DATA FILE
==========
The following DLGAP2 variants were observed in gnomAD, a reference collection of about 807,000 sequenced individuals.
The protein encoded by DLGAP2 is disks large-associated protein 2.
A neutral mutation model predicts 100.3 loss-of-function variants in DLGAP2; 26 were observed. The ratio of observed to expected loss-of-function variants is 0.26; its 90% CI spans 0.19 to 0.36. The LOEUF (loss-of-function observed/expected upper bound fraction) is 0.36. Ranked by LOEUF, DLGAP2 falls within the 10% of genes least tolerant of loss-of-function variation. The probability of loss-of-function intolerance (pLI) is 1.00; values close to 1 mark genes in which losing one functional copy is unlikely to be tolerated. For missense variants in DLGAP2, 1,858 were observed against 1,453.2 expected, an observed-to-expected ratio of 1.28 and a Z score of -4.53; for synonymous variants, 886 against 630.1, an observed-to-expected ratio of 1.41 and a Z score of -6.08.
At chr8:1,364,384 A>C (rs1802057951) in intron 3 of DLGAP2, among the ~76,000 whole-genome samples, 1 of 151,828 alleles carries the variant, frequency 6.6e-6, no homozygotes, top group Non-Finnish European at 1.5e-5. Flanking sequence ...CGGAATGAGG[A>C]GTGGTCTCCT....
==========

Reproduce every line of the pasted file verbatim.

The following DLGAP2 variants were observed in gnomAD, a reference collection of about 807,000 sequenced individuals.
The protein encoded by DLGAP2 is disks large-associated protein 2.
A neutral mutation model predicts 100.3 loss-of-function variants in DLGAP2; 26 were observed. The ratio of observed to expected loss-of-function variants is 0.26; its 90% CI spans 0.19 to 0.36. The LOEUF (loss-of-function observed/expected upper bound fraction) is 0.36. Ranked by LOEUF, DLGAP2 falls within the 10% of genes least tolerant of loss-of-function variation. The probability of loss-of-function intolerance (pLI) is 1.00; values close to 1 mark genes in which losing one functional copy is unlikely to be tolerated. For missense variants in DLGAP2, 1,858 were observed against 1,453.2 expected, an observed-to-expected ratio of 1.28 and a Z score of -4.53; for synonymous variants, 886 against 630.1, an observed-to-expected ratio of 1.41 and a Z score of -6.08.
At chr8:1,364,384 A>C (rs1802057951) in intron 3 of DLGAP2, among the ~76,000 whole-genome samples, 1 of 151,828 alleles carries the variant, frequency 6.6e-6, no homozygotes, top group Non-Finnish European at 1.5e-5. Flanking sequence ...CGGAATGAGG[A>C]GTGGTCTCCT....